A Thought Experiment - XIII:

Divergence and convergence in mandalic geometry:

1- A change of heart 

 

image

(continued from here)

Before proceeding to a description of the composite two-dimensional geometry stage I think it proper even at this early “linear” stage to say a few words about divergence* and convergence* as general organizing principles and about their importance to mandalic geometry. This part of the story touches necessarily upon the quite closely related concepts of white holes and black holes.

I know I stated that my purpose in creating this blog was to separate the geometric aspects from the physical aspects of blindmen6.tumblr.com but truth be told I’ve found it impossible to do so fully. I think once we admit time to the mix, and mandalic geometry is very much a geometry of time as well as of space, it becomes a question of how does one divorce pattern from process.

The answer is: it can’t be done. At least not completely. When the process (time-related) aspects of mandalic geometry are removed what remains is dead (functionless) pattern. I envisage mandalic geometry as imbued with a kind of life of its own which involves the full unification of structure and function. I do not aspire to a lifeless geometry.

(to be continued)

Image: A 2D vector field pointing inward. By Duane Q. Nykamp. Licensed under a Creative Commons Attribution-Noncommercial-ShareAlike 3.0 License.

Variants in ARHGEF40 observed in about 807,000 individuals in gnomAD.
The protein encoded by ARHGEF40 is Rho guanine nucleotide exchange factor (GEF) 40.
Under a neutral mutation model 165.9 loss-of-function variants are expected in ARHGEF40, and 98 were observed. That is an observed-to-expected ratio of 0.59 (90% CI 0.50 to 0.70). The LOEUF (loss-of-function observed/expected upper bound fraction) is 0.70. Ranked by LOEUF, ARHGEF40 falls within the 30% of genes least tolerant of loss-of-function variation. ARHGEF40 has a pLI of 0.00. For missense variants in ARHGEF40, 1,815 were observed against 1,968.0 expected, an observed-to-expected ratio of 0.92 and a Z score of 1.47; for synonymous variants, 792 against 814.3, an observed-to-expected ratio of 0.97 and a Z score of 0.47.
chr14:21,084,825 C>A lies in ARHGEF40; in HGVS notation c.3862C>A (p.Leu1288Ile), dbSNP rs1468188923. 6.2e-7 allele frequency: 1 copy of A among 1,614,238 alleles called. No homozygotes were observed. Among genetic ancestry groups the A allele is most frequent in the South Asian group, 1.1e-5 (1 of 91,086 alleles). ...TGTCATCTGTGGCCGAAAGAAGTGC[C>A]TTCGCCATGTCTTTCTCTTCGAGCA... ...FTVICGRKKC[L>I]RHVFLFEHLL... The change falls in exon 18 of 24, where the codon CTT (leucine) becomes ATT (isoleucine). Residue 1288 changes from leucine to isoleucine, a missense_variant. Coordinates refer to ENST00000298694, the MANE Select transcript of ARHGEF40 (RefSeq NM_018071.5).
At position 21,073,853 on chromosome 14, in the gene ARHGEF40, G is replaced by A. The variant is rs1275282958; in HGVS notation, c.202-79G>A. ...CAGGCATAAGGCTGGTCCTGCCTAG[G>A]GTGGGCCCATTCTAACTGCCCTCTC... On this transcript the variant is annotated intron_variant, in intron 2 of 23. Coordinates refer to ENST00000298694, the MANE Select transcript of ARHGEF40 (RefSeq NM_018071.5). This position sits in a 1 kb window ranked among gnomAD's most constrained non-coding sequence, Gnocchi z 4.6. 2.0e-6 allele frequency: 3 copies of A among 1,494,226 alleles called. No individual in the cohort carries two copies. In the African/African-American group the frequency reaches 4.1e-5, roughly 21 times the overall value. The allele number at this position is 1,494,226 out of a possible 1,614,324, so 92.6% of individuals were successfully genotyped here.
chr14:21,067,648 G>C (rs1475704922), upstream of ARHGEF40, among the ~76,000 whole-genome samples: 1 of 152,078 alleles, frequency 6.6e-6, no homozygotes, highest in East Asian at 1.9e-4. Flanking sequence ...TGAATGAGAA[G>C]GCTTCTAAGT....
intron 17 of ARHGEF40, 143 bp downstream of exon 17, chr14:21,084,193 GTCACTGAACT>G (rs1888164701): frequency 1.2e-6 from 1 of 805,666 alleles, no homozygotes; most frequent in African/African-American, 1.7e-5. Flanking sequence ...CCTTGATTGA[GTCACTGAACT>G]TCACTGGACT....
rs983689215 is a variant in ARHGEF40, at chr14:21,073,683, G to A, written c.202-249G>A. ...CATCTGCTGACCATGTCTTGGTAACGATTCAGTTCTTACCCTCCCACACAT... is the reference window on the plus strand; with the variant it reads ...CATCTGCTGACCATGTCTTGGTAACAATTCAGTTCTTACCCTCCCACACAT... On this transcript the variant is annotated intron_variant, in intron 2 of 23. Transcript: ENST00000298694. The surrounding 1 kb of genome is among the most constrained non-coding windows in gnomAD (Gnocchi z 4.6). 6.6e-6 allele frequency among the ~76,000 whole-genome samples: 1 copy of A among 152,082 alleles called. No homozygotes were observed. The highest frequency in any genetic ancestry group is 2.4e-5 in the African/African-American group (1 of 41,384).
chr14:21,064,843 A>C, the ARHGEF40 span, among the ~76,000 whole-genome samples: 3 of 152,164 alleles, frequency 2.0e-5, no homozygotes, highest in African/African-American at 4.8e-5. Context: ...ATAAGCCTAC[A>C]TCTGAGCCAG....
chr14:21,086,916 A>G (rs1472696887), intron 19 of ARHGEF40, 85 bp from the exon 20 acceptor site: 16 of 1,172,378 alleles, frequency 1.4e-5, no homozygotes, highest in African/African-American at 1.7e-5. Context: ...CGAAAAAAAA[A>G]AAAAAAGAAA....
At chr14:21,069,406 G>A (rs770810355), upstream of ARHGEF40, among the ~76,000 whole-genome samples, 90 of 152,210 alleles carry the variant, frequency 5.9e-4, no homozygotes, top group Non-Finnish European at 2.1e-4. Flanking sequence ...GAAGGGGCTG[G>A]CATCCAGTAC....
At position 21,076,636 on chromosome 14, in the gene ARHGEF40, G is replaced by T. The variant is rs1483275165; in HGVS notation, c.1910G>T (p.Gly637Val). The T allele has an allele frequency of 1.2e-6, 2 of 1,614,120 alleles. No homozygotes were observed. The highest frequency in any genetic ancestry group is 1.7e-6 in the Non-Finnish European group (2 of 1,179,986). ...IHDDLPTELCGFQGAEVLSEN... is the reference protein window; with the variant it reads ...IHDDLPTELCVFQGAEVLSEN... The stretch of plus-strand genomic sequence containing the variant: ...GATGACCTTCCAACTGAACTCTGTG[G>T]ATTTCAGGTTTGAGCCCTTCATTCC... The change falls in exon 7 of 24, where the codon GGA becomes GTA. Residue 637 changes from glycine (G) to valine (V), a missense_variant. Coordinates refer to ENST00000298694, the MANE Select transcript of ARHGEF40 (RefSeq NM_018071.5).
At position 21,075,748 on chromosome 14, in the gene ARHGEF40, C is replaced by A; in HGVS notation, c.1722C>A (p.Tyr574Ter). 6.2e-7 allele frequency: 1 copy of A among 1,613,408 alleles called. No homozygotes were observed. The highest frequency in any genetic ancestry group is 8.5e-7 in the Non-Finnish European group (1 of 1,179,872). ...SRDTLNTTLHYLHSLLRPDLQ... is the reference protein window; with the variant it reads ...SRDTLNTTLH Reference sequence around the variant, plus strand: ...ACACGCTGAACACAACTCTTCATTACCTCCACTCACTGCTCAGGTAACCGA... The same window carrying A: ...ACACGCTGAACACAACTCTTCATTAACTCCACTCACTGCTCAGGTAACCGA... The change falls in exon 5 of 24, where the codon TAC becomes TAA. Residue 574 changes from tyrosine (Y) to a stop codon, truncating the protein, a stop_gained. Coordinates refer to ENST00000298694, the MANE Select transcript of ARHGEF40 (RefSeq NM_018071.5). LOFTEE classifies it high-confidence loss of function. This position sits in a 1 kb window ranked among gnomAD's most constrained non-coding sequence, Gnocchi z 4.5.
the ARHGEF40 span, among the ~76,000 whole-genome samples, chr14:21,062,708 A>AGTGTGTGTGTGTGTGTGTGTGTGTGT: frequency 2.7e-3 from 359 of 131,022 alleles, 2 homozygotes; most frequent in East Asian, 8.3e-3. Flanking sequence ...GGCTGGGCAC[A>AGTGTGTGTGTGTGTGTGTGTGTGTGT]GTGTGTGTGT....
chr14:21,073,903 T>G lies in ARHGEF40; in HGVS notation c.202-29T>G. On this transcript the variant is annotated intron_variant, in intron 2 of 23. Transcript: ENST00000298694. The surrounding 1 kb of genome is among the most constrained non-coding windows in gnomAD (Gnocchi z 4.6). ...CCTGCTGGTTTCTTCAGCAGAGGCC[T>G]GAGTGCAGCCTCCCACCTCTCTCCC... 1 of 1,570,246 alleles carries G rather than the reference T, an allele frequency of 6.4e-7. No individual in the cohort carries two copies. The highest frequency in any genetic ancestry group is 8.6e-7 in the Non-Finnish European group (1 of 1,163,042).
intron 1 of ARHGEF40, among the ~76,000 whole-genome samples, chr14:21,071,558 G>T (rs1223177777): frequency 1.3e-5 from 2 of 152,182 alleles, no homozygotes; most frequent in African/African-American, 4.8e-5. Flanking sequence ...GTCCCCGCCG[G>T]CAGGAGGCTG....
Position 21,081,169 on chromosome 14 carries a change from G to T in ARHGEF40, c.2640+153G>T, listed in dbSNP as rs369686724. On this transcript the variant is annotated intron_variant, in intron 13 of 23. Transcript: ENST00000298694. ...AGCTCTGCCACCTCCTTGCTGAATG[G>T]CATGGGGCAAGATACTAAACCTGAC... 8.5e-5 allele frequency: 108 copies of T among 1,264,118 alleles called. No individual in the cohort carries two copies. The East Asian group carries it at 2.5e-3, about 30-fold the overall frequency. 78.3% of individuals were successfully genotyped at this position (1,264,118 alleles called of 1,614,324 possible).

*See for example here (1,2,3,4,5,6,7,8) to start.

© 2014 Martin Hauser

dimensao7:

Quantum Physics

(via tomisontheinternet)

A Thought Experiment - XII:

Dimensions of  potentiality and actuality

 

image

(continued from here)

The three dimensions of Cartesian 3D coordinate space which we perceive as our ordinary everyday dimensions are for mandalic geometry composite (or diploid*) dimensions whereas the two extra dimensions of which each is the resultant are singular (or haploid*) dimensions.

The composite dimensions, from our limited human point of view, can be considered “dimensions of actuality”; the singular extraordinary dimensions can be considered “dimensions of potentiality”.** The geometry based upon this supposition postulates the interchangeability of these different varieties of dimension. Mandalic geometry should be viewed as a geometry of spacetime, which is to say one of time as well as of space, and as such is in continual flux.